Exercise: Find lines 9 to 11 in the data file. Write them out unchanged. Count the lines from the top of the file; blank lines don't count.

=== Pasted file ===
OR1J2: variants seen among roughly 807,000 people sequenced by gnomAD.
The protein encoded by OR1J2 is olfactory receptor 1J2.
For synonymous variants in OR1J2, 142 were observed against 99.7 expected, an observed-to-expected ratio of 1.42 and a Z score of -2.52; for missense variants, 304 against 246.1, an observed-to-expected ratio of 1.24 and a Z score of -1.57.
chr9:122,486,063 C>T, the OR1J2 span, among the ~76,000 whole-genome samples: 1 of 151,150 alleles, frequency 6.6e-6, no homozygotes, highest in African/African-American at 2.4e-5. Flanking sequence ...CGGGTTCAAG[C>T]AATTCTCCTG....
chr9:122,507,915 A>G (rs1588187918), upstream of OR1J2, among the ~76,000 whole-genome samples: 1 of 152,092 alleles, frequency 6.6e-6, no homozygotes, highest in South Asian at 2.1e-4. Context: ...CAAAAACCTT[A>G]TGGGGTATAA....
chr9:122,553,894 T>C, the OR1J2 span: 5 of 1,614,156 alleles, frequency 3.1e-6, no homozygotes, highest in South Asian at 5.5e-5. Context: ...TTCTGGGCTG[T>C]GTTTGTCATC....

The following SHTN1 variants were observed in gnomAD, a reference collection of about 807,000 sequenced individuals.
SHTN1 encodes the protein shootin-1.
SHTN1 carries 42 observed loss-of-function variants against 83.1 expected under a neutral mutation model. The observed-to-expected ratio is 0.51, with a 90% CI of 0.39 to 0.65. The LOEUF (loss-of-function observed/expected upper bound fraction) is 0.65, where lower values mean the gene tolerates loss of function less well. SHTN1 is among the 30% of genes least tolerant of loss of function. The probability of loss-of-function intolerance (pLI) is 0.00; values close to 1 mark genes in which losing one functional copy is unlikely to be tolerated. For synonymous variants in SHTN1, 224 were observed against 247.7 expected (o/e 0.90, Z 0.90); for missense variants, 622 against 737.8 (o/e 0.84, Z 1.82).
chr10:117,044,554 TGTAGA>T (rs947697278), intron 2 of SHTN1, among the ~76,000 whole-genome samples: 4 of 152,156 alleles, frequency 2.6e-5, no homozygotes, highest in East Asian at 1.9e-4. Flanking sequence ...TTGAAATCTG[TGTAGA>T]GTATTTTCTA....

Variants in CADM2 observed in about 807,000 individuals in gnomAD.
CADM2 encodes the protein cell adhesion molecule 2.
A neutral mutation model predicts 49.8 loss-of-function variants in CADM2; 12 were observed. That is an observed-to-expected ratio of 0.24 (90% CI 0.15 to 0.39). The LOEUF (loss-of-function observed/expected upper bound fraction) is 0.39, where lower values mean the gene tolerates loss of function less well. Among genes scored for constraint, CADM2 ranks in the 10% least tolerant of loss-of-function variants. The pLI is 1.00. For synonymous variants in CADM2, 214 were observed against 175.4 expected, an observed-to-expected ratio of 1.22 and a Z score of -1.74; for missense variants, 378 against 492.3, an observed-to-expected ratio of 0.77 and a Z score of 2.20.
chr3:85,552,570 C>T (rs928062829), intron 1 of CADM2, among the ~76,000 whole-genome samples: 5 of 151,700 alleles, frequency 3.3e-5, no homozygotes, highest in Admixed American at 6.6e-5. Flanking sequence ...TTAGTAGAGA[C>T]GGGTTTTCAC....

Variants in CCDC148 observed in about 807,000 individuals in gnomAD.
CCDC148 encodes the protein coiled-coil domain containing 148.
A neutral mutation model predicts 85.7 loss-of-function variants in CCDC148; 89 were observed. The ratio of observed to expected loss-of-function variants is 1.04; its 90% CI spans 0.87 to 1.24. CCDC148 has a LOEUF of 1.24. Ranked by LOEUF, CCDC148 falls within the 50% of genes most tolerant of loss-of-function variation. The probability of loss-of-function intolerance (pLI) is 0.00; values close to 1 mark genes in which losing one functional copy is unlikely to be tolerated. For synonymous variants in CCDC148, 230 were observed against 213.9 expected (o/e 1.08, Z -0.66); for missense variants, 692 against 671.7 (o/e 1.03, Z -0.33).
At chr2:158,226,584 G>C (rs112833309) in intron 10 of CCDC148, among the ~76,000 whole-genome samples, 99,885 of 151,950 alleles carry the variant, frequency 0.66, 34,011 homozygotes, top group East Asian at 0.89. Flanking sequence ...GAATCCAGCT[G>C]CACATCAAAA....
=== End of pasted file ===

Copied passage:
SHTN1 carries 42 observed loss-of-function variants against 83.1 expected under a neutral mutation model. The observed-to-expected ratio is 0.51, with a 90% CI of 0.39 to 0.65. The LOEUF (loss-of-function observed/expected upper bound fraction) is 0.65, where lower values mean the gene tolerates loss of function less well. SHTN1 is among the 30% of genes least tolerant of loss of function. The probability of loss-of-function intolerance (pLI) is 0.00; values close to 1 mark genes in which losing one functional copy is unlikely to be tolerated. For synonymous variants in SHTN1, 224 were observed against 247.7 expected (o/e 0.90, Z 0.90); for missense variants, 622 against 737.8 (o/e 0.84, Z 1.82).
chr10:117,044,554 TGTAGA>T (rs947697278), intron 2 of SHTN1, among the ~76,000 whole-genome samples: 4 of 152,156 alleles, frequency 2.6e-5, no homozygotes, highest in East Asian at 1.9e-4. Flanking sequence ...TTGAAATCTG[TGTAGA>T]GTATTTTCTA....

Variants in CADM2 observed in about 807,000 individuals in gnomAD.